SEC probes Elon Musk and his brother Kimbal over stock sales

1 year ago 148

The Securities and Exchange Commission is investigating whether Tesla Inc. Chief Executive Elon Musk and his brother Kimbal violated securities laws when selling shares in the company late last year, according to a person familiar with the matter.

The regulator’s probe is focused on transactions that took place just before Elon Musk polled his Twitter followers asking if he should sell a 10% stake in the company. The SEC is looking into whether any insider trading rules were violated, said the person familiar with the matter, who asked not to be named because the probe is private.

The SEC declined to comment. Tesla, Elon and Kimbal Musk did not immediately respond to requests for comment. The probe was reported earlier by the Wall Street Journal.

Tesla stock slumped after the CEO’s Nov. 6 Twitter poll, closing down the most in five months. Kimbal Musk, a Tesla board member, had sold 88,500 Tesla shares worth about $109 million on Nov. 5, according to a filing after the market closed on that day.

Earlier this month, Tesla disclosed that it had received an SEC subpoena on Nov. 16 seeking information about its governance processes and compliance with a settlement it reached with the agency in September 2018 over Elon Musk’s tweeting.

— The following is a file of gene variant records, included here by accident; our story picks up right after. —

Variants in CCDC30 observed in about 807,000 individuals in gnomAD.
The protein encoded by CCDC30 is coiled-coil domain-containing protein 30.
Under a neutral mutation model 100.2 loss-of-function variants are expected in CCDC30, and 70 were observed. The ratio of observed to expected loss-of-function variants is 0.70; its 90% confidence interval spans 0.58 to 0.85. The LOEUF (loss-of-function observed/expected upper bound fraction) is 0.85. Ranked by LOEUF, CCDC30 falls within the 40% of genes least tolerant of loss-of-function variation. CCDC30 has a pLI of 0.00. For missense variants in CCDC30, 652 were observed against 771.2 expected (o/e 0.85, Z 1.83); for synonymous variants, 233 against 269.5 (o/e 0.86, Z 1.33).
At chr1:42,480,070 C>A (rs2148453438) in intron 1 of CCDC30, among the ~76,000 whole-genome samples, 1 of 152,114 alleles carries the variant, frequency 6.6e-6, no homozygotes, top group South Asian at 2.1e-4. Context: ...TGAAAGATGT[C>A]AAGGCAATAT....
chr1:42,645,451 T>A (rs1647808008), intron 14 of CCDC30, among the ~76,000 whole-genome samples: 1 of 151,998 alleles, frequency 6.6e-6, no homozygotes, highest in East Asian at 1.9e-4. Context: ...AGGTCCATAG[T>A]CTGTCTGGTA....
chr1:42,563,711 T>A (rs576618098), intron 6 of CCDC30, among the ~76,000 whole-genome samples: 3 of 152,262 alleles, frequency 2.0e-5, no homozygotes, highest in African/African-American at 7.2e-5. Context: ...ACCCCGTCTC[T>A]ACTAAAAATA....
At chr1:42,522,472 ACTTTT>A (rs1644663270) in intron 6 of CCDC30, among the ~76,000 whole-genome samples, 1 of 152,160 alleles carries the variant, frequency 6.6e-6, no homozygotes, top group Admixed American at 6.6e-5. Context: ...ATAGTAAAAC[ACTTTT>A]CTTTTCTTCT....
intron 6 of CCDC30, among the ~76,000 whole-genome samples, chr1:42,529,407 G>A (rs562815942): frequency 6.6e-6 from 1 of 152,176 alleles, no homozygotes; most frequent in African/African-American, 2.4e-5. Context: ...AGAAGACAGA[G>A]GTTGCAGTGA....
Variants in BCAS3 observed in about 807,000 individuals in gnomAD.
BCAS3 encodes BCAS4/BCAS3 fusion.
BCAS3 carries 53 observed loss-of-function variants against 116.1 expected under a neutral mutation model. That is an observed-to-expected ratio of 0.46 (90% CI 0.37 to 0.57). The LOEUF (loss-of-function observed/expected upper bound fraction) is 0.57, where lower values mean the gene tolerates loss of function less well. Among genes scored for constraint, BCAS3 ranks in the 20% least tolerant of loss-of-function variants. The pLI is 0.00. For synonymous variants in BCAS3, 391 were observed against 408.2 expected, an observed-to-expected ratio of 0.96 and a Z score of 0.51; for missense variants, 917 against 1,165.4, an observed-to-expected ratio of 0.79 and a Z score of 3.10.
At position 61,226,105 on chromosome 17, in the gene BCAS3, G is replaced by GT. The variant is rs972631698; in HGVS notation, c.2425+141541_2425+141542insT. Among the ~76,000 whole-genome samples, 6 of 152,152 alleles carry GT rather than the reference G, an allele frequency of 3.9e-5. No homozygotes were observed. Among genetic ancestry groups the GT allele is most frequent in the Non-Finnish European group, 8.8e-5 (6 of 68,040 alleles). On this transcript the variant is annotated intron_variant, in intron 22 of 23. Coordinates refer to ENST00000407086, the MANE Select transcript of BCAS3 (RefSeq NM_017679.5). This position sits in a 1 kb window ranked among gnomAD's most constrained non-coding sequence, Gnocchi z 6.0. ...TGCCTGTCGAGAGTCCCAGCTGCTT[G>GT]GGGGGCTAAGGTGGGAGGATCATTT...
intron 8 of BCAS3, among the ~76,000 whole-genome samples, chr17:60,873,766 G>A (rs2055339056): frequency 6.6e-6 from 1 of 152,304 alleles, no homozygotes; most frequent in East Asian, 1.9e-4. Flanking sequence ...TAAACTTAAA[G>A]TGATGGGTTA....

As part of that agreement, Tesla pledged to put in place controls to oversee the CEO’s communications -- including his tweets — after the SEC alleged that the world’s richest person had committed securities fraud by saying on the social media platform that he had secured funding for the company to go private.

Musk and the SEC have been at loggerheads ever since. The agency sought to have a judge find the billionaire in contempt of the settlement early the following year when he tweeted about Tesla’s production outlook without getting prior approval. The two sides agreed in April 2019 to amend their agreement by adding specific topics the Tesla chief couldn’t tweet about, or otherwise communicate in writing, without running it by a company lawyer.

The dispute gathered fresh steam last week when Musk’s lawyer told a federal court that the SEC was targeting Musk and the electric car maker with “unrelenting investigation” because the CEO is “an outspoken critic of the government.” The SEC has denied the allegation, and on Thursday a judge refused to hold a hearing on the claims.

Bloomberg writers Ed Ludlow, Bob Van Voris and Craig Trudell contributed to this report.

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